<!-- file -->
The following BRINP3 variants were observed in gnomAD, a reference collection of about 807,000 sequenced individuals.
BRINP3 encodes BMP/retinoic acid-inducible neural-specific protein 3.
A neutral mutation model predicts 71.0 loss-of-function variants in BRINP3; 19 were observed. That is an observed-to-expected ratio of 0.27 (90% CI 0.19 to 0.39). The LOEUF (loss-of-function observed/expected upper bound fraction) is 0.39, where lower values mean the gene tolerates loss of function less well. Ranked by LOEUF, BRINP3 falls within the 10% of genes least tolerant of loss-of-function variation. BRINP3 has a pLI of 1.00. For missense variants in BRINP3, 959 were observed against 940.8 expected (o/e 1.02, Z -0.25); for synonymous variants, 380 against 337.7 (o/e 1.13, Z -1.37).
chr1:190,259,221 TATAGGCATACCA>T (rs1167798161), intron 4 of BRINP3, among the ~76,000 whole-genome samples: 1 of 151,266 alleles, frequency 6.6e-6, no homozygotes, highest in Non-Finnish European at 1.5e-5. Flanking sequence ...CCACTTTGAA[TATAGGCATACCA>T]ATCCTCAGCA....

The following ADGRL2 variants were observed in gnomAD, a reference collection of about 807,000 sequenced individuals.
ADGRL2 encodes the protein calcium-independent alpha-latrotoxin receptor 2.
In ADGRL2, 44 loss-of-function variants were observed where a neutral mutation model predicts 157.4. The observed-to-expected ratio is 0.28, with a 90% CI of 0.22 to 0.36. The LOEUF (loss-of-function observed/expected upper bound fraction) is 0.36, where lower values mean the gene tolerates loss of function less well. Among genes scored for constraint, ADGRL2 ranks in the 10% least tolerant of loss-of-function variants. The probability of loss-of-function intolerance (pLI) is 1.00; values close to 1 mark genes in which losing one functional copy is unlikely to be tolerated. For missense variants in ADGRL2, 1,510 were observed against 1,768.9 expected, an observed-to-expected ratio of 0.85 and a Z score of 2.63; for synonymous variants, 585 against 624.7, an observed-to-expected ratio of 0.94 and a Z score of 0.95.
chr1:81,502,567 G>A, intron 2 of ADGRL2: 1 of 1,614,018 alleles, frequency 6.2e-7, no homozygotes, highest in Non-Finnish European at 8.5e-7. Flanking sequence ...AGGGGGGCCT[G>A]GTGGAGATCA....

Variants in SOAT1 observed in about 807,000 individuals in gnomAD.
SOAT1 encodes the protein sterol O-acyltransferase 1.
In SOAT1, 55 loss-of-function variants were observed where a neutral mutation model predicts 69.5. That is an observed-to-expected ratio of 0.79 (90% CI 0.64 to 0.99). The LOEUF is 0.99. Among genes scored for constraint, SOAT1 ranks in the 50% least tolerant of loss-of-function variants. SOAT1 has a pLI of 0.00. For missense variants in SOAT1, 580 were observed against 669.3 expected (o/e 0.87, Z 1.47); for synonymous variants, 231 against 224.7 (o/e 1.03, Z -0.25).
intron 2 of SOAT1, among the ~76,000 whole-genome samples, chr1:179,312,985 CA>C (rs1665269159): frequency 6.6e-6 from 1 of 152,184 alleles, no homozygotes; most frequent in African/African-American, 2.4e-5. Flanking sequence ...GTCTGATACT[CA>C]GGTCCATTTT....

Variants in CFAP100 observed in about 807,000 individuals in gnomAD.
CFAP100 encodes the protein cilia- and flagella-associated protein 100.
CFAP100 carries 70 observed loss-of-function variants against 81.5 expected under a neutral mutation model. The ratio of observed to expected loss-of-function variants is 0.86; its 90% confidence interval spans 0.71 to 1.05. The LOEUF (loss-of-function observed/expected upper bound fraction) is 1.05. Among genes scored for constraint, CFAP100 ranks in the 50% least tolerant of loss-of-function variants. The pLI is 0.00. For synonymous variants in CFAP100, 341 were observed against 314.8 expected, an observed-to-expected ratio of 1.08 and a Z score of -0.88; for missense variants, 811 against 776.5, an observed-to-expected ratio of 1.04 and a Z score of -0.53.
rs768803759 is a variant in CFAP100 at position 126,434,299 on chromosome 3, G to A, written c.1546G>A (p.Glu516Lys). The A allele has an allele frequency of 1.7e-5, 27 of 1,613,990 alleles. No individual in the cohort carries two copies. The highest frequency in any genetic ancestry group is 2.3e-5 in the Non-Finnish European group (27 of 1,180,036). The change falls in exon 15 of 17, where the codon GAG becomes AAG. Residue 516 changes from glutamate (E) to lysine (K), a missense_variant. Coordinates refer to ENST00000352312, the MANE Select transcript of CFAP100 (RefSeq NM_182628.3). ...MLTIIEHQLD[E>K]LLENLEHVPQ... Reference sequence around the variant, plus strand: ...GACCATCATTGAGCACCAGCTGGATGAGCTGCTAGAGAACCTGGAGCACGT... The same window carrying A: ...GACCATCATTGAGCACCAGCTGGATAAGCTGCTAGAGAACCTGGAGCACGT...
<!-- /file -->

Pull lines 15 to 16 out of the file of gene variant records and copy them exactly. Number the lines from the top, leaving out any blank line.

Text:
CFAP100 carries 70 observed loss-of-function variants against 81.5 expected under a neutral mutation model. The ratio of observed to expected loss-of-function variants is 0.86; its 90% confidence interval spans 0.71 to 1.05. The LOEUF (loss-of-function observed/expected upper bound fraction) is 1.05. Among genes scored for constraint, CFAP100 ranks in the 50% least tolerant of loss-of-function variants. The pLI is 0.00. For synonymous variants in CFAP100, 341 were observed against 314.8 expected, an observed-to-expected ratio of 1.08 and a Z score of -0.88; for missense variants, 811 against 776.5, an observed-to-expected ratio of 1.04 and a Z score of -0.53.
rs768803759 is a variant in CFAP100 at position 126,434,299 on chromosome 3, G to A, written c.1546G>A (p.Glu516Lys). The A allele has an allele frequency of 1.7e-5, 27 of 1,613,990 alleles. No individual in the cohort carries two copies. The highest frequency in any genetic ancestry group is 2.3e-5 in the Non-Finnish European group (27 of 1,180,036). The change falls in exon 15 of 17, where the codon GAG becomes AAG. Residue 516 changes from glutamate (E) to lysine (K), a missense_variant. Coordinates refer to ENST00000352312, the MANE Select transcript of CFAP100 (RefSeq NM_182628.3). ...MLTIIEHQLD[E>K]LLENLEHVPQ... Reference sequence around the variant, plus strand: ...GACCATCATTGAGCACCAGCTGGATGAGCTGCTAGAGAACCTGGAGCACGT... The same window carrying A: ...GACCATCATTGAGCACCAGCTGGATAAGCTGCTAGAGAACCTGGAGCACGT...